While the world mourns the victims of today’s terrorist atrocities in Sri Lanka, Ukraine has conducted its first election since 2014 – the year in which the fragmented post-Soviet republic changed forever. This year, the debates were not a contest between those seeking to reverse the tide of 2014 versus those committed to an even more radically pro-western approach, but instead the question uniformly revolved around how a country that before 2014 was ethnically and religious fragmented, poor, corrupt and seemingly ungovernable has become even worse by all objective measurements.
Because of the popular discontent in the country due to the worsening of already abysmal economic conditions, it was always going to be difficult for outgoing President Petro Poroshenko to play the jingoistic anti-Russian/anti-Donbass card when most Ukrainian citizens are becoming more worried about the price of gas and the price of food than they are worried about playing a game of political football started by Barack Obama.
As such, the entire political class that took charge after 2014 (ironically many such people were connected to the old regime they claimed to hate) are roundly reviled throughout Ukraine. Against this background, comedian Volodymyr Zelensky decided to run for president and early indications are that he has won the election in a landslide.
Zelensky’s campaign was one based on a broadly anti-corruption platform that was as pro-western and as anti-Russian as that of his closest rivals. The difference was that for the first time in its history, Ukraine had a political figure with a human face rather than that of a cold, calculating oligarch aspiring to be an autocrat. Outside of Ukraine and Russia, Zelensky’s candidacy has received the most attention in Israel.
Israeli media have become excited by the fact that Ukraine will now have a Jewish head of state and one whose chief backers are particularly close to Tel Aviv. While Israel has often condemned the rise in genuine antisemitism throughout much of Ukraine, Tel Aviv has nevertheless increased its economic relations with Kiev since 2014. As such, it can be assured that under Zelensky, relations between Tel Aviv and Kiev will continue to grow.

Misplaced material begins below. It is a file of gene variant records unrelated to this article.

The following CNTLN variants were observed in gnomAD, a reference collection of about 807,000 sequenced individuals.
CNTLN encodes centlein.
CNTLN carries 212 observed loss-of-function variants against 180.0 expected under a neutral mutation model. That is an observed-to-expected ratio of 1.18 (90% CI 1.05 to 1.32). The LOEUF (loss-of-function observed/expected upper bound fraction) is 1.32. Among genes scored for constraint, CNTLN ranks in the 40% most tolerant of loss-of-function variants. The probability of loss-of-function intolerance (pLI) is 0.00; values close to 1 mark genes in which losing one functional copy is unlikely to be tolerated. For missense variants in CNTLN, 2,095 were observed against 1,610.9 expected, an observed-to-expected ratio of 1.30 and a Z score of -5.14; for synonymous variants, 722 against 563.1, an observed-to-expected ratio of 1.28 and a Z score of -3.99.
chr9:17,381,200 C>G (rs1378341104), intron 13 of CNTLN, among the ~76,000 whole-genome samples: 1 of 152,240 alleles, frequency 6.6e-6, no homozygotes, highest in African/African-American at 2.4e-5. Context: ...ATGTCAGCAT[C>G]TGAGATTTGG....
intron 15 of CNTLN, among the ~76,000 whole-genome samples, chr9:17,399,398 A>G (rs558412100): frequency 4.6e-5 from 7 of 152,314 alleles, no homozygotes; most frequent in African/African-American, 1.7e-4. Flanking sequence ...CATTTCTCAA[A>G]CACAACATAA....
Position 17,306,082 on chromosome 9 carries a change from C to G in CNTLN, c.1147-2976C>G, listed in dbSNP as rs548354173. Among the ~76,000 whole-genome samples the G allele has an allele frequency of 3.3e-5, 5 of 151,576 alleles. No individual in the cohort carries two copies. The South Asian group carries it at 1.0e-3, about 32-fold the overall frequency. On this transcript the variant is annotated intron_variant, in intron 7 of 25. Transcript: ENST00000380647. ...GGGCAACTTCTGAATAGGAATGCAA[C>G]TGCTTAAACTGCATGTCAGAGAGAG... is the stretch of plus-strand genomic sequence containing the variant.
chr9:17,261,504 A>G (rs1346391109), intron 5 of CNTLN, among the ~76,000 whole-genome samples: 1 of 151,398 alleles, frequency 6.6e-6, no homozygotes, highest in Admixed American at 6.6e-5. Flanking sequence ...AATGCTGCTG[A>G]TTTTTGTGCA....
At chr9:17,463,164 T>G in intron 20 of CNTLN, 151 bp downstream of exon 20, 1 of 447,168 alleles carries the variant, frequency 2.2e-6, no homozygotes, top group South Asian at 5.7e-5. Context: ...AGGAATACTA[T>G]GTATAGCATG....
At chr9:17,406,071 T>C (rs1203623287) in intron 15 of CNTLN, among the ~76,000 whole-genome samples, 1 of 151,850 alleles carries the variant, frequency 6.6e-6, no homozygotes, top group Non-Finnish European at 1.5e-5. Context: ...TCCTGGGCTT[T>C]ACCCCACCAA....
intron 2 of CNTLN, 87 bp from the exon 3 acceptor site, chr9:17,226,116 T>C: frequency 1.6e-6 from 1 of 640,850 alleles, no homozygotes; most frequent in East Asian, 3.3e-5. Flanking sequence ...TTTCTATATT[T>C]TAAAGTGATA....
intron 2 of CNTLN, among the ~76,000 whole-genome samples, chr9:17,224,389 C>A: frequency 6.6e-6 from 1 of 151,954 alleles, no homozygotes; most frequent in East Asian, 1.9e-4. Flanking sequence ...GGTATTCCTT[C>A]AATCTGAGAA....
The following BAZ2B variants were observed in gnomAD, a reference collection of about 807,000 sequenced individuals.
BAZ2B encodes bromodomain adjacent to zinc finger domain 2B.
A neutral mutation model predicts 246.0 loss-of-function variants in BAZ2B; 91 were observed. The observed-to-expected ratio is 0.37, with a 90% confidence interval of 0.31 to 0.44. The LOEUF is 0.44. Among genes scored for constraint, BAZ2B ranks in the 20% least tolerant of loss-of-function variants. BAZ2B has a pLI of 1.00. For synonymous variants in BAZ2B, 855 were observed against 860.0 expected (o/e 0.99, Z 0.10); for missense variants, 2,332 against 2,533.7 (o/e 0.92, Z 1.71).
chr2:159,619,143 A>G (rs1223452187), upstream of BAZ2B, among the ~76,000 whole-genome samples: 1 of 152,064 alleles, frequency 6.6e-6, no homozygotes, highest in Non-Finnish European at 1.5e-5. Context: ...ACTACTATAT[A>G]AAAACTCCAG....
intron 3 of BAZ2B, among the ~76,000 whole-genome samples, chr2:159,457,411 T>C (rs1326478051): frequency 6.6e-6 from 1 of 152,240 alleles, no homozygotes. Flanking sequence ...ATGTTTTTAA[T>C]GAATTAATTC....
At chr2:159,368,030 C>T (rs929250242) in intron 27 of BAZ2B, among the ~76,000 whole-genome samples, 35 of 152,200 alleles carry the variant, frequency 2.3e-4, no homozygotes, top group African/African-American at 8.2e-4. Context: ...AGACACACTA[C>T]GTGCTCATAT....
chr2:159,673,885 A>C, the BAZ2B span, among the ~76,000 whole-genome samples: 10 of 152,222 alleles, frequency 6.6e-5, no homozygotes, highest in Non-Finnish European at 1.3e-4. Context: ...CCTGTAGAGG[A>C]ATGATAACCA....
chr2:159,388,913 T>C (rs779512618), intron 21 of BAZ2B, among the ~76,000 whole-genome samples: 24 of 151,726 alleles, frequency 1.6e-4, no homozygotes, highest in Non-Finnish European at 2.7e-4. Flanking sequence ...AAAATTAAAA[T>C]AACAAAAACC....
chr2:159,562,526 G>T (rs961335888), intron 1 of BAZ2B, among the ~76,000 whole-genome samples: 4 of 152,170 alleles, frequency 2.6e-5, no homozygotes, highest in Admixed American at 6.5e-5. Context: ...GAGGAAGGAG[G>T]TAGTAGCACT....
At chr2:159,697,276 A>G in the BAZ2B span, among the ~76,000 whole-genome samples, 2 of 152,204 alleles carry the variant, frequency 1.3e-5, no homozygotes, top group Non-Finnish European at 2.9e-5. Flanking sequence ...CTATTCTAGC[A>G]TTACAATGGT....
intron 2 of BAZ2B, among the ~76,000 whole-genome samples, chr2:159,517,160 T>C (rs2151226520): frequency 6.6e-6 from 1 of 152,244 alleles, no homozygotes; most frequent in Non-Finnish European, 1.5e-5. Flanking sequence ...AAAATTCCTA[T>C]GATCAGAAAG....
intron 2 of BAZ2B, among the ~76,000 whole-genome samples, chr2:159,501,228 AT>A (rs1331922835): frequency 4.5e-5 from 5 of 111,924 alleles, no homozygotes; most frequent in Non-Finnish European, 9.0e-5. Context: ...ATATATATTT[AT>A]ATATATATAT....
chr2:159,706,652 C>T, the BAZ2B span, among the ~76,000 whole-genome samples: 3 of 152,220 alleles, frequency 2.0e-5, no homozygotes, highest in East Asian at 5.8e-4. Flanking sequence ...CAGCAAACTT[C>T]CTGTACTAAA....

This incidentally comes at a time when Russia and Israel are becoming increasingly close allies as was recently detailed in a Eurasia Future piece by Andrew Korybko. Whilst Moscow and Kiev cannot agree on seemingly anything at this point in history, they can agree on one thing: Israel is considered a friendly nation and a valued partner.
Just because Vladimir Putin is a friend of Israel and something of a philosemitie, it does not automatically mean that he will develop a warm relationship with a Ukrainian leader who happens to be Jewish and who happens to be friendly with prominent Israeli businessmen. However, because the Kremlin has long sought to reach some sort of conclusion to the stand off with Ukraine (against the wishes of many Russian patriots and the two main opposition parties), a fresh face in Kiev who has ties to Israelis may well be a small step towards bridging the gap between his own government and Moscow.
None of this will likely play out before the cameras because in much of Ukraine it is considered near treasonous to talk of anything resembling a detente with Moscow. Likewise, at a time when Vladimir Putin’s popularity is dipping due to an unpopular proposed pension reform and internal economic/infrastructural issues, it would be viewed by at least some Russian patriots as a sell out to effectively compromise with a Kiev regime that has attempted to commit ethnic cleansing against the people of Donbass.
That being said, behind the scenes things will likely be very different, just as they were after 2015 when Russia and Turkey rapidly mended ties out of the view of the public, before later becoming openly close partners as they are today.
As a political novice in a country whose “experienced politicians” are self-evidently nothing to learn by, Zelensky may well seek advice from Israeli experts, many of whom are becoming increasingly close to Putin’s Russia. This could represent the beginning of a slowly turning tide for both Moscow and Kiev.